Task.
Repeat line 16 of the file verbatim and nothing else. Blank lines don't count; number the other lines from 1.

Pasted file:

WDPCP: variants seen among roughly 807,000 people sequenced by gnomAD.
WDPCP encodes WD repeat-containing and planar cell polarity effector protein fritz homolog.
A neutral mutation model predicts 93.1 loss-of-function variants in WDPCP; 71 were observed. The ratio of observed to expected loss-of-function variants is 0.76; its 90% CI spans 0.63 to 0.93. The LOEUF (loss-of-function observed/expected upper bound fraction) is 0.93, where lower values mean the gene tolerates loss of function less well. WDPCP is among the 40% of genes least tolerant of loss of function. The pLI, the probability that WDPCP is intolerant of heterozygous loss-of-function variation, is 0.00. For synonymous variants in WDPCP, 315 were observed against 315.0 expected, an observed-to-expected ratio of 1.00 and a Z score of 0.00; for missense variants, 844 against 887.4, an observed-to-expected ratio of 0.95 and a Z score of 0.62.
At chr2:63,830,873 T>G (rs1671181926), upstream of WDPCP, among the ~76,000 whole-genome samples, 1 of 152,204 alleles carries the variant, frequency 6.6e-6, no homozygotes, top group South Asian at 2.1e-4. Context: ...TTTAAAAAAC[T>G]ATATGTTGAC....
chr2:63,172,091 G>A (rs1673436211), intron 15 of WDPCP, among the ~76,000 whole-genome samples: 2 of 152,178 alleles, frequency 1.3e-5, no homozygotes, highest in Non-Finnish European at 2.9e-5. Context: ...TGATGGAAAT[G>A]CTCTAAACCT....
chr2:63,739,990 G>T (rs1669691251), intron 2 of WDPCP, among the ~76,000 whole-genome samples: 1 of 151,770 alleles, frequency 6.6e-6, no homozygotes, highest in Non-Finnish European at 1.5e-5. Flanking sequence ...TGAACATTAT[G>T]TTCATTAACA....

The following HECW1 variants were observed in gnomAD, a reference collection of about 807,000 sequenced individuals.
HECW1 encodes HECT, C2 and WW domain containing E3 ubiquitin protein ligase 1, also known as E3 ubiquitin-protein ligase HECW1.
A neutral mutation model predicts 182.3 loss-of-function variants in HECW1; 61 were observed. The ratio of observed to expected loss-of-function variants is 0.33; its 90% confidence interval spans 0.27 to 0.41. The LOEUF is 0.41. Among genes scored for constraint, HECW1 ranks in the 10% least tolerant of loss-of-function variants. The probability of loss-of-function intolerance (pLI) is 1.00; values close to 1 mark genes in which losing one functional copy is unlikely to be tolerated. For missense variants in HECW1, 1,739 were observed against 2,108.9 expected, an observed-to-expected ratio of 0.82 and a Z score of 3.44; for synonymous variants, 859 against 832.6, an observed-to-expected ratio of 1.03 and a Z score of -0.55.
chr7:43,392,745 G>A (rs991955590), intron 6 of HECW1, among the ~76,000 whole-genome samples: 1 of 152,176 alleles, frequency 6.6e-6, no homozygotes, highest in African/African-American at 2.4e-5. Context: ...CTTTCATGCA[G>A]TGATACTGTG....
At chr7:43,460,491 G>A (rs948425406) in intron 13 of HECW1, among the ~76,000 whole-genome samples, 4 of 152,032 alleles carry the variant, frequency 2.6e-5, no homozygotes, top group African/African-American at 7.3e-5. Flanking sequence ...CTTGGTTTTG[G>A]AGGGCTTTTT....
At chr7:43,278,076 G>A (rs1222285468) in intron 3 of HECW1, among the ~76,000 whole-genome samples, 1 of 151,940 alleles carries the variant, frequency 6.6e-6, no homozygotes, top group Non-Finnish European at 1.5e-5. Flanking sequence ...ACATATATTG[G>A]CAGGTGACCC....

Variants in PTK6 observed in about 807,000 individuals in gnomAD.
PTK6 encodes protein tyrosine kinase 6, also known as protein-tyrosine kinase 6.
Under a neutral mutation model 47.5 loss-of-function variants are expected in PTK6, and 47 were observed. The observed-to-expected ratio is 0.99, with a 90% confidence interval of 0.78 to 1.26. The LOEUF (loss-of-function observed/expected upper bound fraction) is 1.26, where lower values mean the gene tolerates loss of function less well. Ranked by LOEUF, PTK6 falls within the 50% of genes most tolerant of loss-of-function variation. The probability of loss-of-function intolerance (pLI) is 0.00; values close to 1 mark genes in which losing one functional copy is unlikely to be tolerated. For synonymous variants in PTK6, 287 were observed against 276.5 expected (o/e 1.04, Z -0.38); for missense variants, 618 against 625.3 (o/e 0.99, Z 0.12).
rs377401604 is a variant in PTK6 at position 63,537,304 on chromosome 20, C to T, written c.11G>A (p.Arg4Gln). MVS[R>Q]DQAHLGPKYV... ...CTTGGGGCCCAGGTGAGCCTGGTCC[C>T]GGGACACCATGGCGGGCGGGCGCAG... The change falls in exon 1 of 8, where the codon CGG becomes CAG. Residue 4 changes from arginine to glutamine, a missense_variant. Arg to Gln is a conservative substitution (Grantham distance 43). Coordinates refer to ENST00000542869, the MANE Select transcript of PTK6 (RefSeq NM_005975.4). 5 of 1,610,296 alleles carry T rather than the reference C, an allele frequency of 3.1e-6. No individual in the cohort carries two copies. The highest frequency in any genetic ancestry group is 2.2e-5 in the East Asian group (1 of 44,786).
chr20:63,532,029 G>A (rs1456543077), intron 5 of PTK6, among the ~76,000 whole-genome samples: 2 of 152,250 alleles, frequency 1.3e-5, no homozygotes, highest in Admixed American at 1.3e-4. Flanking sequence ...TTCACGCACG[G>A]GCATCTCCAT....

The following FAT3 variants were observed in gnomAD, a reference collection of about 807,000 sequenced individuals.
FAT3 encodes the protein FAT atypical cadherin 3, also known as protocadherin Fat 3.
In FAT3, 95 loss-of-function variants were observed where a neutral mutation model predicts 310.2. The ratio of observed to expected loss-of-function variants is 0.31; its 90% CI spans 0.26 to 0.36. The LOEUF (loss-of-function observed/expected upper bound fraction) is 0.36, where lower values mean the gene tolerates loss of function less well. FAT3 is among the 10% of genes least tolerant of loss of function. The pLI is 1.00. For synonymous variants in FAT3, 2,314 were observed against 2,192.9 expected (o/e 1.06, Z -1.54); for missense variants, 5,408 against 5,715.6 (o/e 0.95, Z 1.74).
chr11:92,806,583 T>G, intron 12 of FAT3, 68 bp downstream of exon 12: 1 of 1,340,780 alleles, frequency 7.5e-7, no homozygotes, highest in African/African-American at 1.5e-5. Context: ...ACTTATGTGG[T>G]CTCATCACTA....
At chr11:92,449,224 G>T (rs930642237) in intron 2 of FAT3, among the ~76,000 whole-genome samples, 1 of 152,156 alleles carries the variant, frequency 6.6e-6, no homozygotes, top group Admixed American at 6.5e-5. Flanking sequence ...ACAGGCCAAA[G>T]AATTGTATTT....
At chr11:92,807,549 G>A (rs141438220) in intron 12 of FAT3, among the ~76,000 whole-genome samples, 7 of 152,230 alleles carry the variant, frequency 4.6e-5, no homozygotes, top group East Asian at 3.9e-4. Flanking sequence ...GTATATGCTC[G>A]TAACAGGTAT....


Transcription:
rs377401604 is a variant in PTK6 at position 63,537,304 on chromosome 20, C to T, written c.11G>A (p.Arg4Gln). MVS[R>Q]DQAHLGPKYV... ...CTTGGGGCCCAGGTGAGCCTGGTCC[C>T]GGGACACCATGGCGGGCGGGCGCAG... The change falls in exon 1 of 8, where the codon CGG becomes CAG. Residue 4 changes from arginine to glutamine, a missense_variant. Arg to Gln is a conservative substitution (Grantham distance 43). Coordinates refer to ENST00000542869, the MANE Select transcript of PTK6 (RefSeq NM_005975.4). 5 of 1,610,296 alleles carry T rather than the reference C, an allele frequency of 3.1e-6. No individual in the cohort carries two copies. The highest frequency in any genetic ancestry group is 2.2e-5 in the East Asian group (1 of 44,786).